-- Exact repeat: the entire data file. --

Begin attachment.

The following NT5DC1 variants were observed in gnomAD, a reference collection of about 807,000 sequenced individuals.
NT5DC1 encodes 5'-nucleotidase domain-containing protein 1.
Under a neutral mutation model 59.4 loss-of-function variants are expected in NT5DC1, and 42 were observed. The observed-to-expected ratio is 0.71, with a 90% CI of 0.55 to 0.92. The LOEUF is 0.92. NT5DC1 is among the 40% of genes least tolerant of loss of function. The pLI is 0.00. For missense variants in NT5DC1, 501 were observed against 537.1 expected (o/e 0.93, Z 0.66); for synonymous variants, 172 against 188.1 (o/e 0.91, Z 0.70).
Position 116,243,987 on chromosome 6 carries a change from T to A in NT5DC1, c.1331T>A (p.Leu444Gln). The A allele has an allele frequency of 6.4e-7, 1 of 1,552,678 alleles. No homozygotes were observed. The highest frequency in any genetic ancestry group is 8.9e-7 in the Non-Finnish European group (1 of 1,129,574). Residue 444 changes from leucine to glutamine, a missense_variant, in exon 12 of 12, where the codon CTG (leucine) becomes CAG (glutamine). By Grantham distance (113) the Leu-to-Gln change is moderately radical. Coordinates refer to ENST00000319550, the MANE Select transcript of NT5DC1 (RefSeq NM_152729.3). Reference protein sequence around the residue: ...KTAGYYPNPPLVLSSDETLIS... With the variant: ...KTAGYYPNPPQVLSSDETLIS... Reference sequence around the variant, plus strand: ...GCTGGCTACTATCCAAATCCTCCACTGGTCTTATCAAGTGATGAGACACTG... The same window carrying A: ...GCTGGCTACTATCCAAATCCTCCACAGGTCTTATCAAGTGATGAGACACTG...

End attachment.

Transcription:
The following NT5DC1 variants were observed in gnomAD, a reference collection of about 807,000 sequenced individuals.
NT5DC1 encodes 5'-nucleotidase domain-containing protein 1.
Under a neutral mutation model 59.4 loss-of-function variants are expected in NT5DC1, and 42 were observed. The observed-to-expected ratio is 0.71, with a 90% CI of 0.55 to 0.92. The LOEUF is 0.92. NT5DC1 is among the 40% of genes least tolerant of loss of function. The pLI is 0.00. For missense variants in NT5DC1, 501 were observed against 537.1 expected (o/e 0.93, Z 0.66); for synonymous variants, 172 against 188.1 (o/e 0.91, Z 0.70).
Position 116,243,987 on chromosome 6 carries a change from T to A in NT5DC1, c.1331T>A (p.Leu444Gln). The A allele has an allele frequency of 6.4e-7, 1 of 1,552,678 alleles. No homozygotes were observed. The highest frequency in any genetic ancestry group is 8.9e-7 in the Non-Finnish European group (1 of 1,129,574). Residue 444 changes from leucine to glutamine, a missense_variant, in exon 12 of 12, where the codon CTG (leucine) becomes CAG (glutamine). By Grantham distance (113) the Leu-to-Gln change is moderately radical. Coordinates refer to ENST00000319550, the MANE Select transcript of NT5DC1 (RefSeq NM_152729.3). Reference protein sequence around the residue: ...KTAGYYPNPPLVLSSDETLIS... With the variant: ...KTAGYYPNPPQVLSSDETLIS... Reference sequence around the variant, plus strand: ...GCTGGCTACTATCCAAATCCTCCACTGGTCTTATCAAGTGATGAGACACTG... The same window carrying A: ...GCTGGCTACTATCCAAATCCTCCACAGGTCTTATCAAGTGATGAGACACTG...